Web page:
With respect to impairment, Topic 310 applies to a lessor’s net investment in the lease. Topic 360 continues to apply to long-lived assets of lessors.
Identification of a Lease – The new standard defines a lease as a contract that conveys the right to use an underlying asset for a period of time in exchange for consideration.
HCC Observation: Determining whether a contract contains a lease at inception is critical under the new guidance because of the requirement to recognize ROU assets and lease liabilities on the balance sheet. While this assessment will be straight-forward in most cases, it may require judgement in some situations, such as contracts that include services.
Components – Lessees and lessors are required to separate the lease components from the nonlease components (for example, maintenance services or other activities that transfer a good or service to the customer) in a contract, and account for the nonlease components according to other applicable guidance. However, a practical expedient is available whereby lessees may elect, by class of underlying asset, not to separate lease components from nonlease components, and to account for all components as a single lease component.
Sale and Leaseback Transactions – For a sale to occur in the context of a sale and leaseback transaction, the transfer of the asset must meet the requirements for a sale in ASU 2014-09. If there is no sale for the seller-lessee, the buyer-lessor also does not account for the purchase.
Modifications – The new standard provides guidance for determining whether lease modifications should be accounted for as separate leases. It also specifies the modification accounting for both lessees and lessors.
Disclosures – Lessees and lessors are required to provide certain qualitative and quantitative disclosure to enable users of financial statements to assess the amount, timing, and uncertainty of cash flows arising from leases.
Other – The new standard provides guidance on combining contracts, purchase options, reassessment of the lease term, and remeasurement of lease payments. It also contains comprehensive implementation guidance with practical examples.
Effective Date and Transition
The amendments are effective for public business entities for fiscal years beginning after December 15, 2018, including interim periods within those fiscal years. The amendments are effective for all other entities for fiscal years beginning after December 15, 2019, and interim periods within fiscal years beginning after December 15, 2020. Early adoption is permitted.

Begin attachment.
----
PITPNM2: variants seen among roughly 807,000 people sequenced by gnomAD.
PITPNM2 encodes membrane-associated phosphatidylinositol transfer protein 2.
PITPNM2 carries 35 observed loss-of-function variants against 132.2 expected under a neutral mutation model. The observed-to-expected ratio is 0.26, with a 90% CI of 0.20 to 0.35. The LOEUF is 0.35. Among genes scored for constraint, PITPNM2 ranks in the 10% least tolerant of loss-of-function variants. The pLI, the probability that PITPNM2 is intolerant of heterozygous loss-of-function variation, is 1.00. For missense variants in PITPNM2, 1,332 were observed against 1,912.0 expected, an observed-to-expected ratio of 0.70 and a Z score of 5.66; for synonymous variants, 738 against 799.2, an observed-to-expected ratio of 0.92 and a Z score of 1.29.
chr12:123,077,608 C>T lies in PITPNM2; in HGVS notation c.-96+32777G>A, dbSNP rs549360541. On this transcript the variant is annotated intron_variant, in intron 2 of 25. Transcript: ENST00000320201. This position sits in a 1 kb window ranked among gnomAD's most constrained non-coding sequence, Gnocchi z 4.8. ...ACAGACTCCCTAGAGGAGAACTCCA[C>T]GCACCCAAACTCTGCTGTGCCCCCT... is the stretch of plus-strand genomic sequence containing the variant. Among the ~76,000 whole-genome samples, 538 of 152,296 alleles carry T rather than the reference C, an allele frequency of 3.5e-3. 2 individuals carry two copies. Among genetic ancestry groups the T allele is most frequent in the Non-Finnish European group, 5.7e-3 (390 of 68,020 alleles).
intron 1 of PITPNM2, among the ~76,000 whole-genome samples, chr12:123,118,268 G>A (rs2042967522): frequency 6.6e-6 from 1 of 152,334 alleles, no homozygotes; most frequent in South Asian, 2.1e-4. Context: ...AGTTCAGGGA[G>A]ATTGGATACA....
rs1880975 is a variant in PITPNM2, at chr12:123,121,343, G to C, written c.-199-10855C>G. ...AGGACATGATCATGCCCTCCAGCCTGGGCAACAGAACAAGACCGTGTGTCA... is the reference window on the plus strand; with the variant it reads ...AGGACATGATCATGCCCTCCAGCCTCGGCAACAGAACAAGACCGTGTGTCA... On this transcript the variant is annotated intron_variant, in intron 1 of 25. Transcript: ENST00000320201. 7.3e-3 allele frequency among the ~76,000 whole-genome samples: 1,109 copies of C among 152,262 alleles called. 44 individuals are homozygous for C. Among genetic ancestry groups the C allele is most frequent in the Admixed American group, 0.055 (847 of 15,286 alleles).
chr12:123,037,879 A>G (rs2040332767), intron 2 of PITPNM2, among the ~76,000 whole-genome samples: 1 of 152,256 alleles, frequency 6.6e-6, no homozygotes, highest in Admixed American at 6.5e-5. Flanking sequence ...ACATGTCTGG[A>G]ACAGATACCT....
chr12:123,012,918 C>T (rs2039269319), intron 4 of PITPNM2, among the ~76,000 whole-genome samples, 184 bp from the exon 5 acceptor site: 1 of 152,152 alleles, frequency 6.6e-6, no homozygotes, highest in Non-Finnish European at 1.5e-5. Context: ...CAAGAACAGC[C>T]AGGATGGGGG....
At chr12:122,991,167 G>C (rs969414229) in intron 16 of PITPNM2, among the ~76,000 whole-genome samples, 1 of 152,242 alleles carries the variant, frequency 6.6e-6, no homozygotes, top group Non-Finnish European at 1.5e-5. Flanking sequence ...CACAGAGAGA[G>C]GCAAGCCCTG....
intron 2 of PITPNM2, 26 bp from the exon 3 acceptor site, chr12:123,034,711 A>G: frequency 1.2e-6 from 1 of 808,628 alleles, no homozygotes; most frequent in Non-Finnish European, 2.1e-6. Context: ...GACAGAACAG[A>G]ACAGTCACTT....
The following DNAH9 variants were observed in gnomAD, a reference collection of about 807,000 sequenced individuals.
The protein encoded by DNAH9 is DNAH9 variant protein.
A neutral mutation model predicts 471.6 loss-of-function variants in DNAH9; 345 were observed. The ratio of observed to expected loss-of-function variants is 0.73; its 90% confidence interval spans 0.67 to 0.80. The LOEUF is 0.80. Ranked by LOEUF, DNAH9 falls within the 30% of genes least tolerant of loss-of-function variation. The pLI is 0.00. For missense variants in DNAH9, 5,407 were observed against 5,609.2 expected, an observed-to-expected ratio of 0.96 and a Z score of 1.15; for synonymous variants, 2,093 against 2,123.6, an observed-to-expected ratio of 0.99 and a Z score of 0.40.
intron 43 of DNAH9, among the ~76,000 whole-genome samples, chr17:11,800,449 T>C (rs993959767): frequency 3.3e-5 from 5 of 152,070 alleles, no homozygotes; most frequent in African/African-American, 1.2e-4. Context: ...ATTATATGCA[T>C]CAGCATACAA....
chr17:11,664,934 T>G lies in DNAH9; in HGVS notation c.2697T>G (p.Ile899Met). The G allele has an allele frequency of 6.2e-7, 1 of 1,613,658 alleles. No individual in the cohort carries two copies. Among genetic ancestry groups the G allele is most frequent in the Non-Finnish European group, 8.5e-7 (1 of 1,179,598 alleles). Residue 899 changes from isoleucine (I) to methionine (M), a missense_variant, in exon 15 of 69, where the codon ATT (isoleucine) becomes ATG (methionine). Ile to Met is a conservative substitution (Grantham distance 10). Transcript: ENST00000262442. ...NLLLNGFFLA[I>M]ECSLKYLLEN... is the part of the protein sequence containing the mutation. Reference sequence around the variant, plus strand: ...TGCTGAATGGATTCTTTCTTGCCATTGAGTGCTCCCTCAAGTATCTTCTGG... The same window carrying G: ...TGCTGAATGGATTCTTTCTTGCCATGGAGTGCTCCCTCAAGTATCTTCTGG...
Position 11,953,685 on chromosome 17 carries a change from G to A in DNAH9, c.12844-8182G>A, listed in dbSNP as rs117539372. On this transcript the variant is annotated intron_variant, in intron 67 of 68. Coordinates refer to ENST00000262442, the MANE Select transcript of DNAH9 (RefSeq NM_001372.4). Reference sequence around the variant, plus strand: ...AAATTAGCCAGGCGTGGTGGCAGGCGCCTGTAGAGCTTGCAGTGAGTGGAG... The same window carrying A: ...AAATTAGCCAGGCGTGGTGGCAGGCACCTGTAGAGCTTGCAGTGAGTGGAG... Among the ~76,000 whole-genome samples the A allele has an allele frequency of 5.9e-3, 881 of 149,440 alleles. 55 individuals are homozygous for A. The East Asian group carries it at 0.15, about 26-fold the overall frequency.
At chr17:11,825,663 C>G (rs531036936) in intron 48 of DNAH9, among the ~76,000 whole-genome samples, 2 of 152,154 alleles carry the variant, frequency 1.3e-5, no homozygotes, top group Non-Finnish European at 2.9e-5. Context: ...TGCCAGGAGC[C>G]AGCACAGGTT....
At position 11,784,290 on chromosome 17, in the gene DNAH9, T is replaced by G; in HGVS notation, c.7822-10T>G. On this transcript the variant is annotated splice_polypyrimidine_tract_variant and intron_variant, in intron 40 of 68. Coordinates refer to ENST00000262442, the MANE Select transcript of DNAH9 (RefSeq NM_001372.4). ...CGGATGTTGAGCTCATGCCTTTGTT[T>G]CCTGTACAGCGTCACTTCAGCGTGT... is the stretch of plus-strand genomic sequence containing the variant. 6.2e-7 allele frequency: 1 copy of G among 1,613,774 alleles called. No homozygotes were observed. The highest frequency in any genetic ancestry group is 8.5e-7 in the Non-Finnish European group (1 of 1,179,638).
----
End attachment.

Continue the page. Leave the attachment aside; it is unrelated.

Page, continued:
In transition, a lessee and lessor will recognize and measure leases at the beginning of the earliest period presented using a modified retrospective approach. The modified retrospective approach includes a number of optional practical expedient. These practical expedients relate to identifying and classifying leases that commenced before the effective date, initial direct costs for leases that commenced before the effective date, and the ability to use hindsight in evaluating lessee options to extend or terminate a lease or to purchase the underlying asset.
An entity that elects to apply the practical expedients would, in effect, continue to account for leases that commenced prior to the effective date in accordance with previous guidance unless the lease is modified, except that leases would recognize an ROU asset and a lease liability for all operating leases at each reporting date based on the present value of the minimum rental payments that were determined under previous guidance.
The new standard also provides transition guidance specific to sale and leaseback transactions, build-to-suit leases, leveraged leases, and leases recognized as a result of a business combination.
The lease project began as a point project with the IASB. The IASB released its final standard, IFRS 16 Leases, in January 2016. Although many aspects of the two standards are converged, there are significant differences, the most notable of which is the lessee accounting model. IFRS 16 does not differentiate between finance and operating leases, but rather treats all leases of assets with values greater than $5,000 as finance leases. This means leases classified as operating leases under U.S. GAAP will be accounted differently than under IFRS, resulting in different patterns in the income statement and cash flow statement.